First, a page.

Managing Director & Partner
After suffering a downturn during the COVID-19 pandemic, the Chinese consumer market is showing signs of recovery—both now and into the next decade. New BCG research on the evolving consumer class in China shows that its middle-class and affluent consumer (MAC) population will increase by 80 million by 2030. Nearing 40% of the total population, this segment will become a source of long-term resilience for the Chinese consumer market.
To leverage this growth opportunity, businesses need to understand who these consumers are and how their preferences are shaped. This entails differentiating among preferences that naturally ebb and flow according to life stage and those that are unique to each generation represented in the larger group. By doing so, firms can formulate more precise product strategies and optimize their business portfolios.
China’s demographics are at an inflection point. Its population structure is undergoing profound shifts, with direct implications for consumer preferences. In January, the Chinese National Bureau of Statistics released data showing China’s population decreased by 850,000 in 2021—the first instance of negative population growth in 61 years. At the same time, the proportion of the population aged 65 and above reached 14.9%, making China a moderately-aged society by United Nations standards.
Among the 80 million new MACs, over 70% of this group will be from tier-3 cities and below, making lower-tier cities an increasingly important part of the market. (See Exhibit 1.) Our research also shows that even during the relatively difficult last few years, Chinese consumers demonstrated a strong desire to trade up and an increased willingness to pay a premium for quality across product categories.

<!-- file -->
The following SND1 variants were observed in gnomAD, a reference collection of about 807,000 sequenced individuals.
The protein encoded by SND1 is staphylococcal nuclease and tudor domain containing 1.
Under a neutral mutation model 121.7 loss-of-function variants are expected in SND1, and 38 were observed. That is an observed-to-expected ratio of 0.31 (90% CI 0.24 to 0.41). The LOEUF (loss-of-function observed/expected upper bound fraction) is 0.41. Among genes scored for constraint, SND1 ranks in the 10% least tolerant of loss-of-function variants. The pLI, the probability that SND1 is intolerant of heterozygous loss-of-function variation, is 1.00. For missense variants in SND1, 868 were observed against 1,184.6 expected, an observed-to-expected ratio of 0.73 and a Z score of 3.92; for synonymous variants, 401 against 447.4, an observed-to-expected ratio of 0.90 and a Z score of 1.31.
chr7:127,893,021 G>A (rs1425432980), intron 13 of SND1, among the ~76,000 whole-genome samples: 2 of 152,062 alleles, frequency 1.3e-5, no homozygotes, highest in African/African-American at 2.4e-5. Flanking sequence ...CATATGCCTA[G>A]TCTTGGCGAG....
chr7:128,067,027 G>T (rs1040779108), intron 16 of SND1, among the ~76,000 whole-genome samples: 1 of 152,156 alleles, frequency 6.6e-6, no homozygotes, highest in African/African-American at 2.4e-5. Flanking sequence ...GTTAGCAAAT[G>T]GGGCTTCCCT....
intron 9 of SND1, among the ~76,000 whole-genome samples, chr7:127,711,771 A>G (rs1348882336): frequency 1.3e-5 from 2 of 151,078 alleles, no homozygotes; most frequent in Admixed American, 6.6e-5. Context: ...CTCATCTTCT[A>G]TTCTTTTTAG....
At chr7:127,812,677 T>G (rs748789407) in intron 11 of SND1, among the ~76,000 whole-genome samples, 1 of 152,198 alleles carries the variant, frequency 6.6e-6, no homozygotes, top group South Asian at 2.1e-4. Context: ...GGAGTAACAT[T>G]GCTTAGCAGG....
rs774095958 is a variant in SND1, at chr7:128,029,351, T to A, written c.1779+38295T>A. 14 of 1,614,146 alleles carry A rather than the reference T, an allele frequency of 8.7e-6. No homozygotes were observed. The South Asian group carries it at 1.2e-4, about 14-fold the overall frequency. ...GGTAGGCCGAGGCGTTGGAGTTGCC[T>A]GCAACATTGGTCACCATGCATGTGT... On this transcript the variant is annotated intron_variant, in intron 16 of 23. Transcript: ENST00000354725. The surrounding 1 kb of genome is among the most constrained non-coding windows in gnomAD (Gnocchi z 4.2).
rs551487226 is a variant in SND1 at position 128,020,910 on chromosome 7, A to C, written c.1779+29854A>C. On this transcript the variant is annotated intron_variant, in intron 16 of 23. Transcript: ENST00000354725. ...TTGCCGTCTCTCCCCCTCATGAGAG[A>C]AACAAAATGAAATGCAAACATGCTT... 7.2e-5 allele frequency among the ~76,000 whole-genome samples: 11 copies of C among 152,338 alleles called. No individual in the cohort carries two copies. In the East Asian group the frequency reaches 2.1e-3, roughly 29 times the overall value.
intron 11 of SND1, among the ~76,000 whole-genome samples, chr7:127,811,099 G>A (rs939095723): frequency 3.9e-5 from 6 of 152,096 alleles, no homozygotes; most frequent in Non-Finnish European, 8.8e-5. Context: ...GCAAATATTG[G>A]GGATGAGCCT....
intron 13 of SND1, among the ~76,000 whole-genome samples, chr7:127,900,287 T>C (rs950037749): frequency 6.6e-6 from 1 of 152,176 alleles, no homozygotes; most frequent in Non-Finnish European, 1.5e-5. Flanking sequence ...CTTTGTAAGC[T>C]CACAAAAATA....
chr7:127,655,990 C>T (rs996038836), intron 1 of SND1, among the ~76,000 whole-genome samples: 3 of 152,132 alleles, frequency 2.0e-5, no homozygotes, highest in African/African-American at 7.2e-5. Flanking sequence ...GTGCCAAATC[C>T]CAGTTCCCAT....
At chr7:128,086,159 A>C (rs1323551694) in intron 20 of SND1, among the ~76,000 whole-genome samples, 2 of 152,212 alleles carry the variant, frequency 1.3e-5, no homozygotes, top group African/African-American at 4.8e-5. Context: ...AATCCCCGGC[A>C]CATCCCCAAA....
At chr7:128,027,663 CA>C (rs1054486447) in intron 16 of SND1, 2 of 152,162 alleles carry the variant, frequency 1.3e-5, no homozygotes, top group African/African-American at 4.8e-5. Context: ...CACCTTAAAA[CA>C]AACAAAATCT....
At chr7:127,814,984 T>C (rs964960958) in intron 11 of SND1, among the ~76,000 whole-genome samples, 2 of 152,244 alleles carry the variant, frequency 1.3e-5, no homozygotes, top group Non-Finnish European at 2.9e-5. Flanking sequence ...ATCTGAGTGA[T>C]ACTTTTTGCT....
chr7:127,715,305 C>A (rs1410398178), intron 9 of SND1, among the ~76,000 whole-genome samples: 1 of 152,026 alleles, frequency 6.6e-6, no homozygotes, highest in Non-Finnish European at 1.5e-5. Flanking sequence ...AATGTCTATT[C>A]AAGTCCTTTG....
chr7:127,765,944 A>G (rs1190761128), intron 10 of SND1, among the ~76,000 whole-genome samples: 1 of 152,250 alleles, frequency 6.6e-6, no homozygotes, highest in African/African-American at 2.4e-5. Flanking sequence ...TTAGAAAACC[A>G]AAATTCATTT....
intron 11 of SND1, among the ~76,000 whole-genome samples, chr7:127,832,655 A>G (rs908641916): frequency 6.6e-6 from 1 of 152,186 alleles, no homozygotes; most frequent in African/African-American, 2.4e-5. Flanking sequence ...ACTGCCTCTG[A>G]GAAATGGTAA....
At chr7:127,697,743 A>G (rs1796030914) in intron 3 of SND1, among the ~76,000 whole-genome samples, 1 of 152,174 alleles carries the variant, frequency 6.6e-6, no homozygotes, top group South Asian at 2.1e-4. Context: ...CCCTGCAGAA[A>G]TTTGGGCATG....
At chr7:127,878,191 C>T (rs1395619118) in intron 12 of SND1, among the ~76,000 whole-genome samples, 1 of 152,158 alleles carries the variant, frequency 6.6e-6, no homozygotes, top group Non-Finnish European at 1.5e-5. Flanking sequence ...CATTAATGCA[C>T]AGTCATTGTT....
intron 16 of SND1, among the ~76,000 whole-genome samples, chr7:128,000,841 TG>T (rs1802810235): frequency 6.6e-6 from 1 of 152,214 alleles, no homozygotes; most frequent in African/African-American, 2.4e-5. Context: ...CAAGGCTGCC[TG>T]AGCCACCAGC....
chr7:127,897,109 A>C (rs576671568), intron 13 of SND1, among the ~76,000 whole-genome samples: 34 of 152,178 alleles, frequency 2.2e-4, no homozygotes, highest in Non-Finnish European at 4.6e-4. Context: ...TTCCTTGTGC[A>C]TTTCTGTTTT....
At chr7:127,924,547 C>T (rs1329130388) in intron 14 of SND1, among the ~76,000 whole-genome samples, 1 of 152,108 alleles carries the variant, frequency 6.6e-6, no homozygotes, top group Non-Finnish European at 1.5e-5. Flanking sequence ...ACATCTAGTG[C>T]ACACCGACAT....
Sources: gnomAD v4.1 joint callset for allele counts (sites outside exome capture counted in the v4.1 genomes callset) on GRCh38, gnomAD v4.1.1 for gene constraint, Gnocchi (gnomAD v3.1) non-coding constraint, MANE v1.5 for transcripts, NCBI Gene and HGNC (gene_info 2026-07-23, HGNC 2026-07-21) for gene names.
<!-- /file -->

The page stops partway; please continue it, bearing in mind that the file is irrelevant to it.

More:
Intergenerational differences in consumption attitudes and beliefs, based not just on birth year but also on socioeconomic factors, follow generations as they pass through different life stages. A common truth—and one that is particularly salient in China—is that significant historical events and cultural experiences leave indelible marks on groups of people in their formative years, thus shaping common values and ideas. This in turn affects the choices they make as consumers.
Taken as a whole, 80% of China’s population of 1.4 billion can be said to be composed of four generations: Gen Z, Gen Y, Gen X, and the baby boomers. These generations are the main creators of social wealth, with Gen X and Gen Y consumers accounting for over 60% of total income.
Gen Z (born between 1995 and 2009) is influenced by deep digitization and globalization. They value emotional well-being, aesthetics, intellectual enjoyment, and spiritual fulfillment more than any of their predecessors. They tend to relate to more segmented circles and subcultures. Most of them are currently single (79%). Gen Z is the most educated generation in China so far, and their careers are still largely in the beginning phase.
Gen Y (born between 1980 and 1994) comprises the first generation of only-children in China and, as such, has received both more attention and higher expectations than the two generations before them. Having benefited from the expansion of compulsory education and urbanization, many moved from small towns to work and settle in medium and large cities, striving to improve themselves. A majority of Gen Y (73%) are already married and have children.
Gen X (born between 1965 and 1979) is the generation of accumulated material wealth. Born in the early stages of social and economic reforms, this group became the backbone of China’s market economy. Of all the generations, they currently hold the highest positions in the workplace and have the highest levels of income.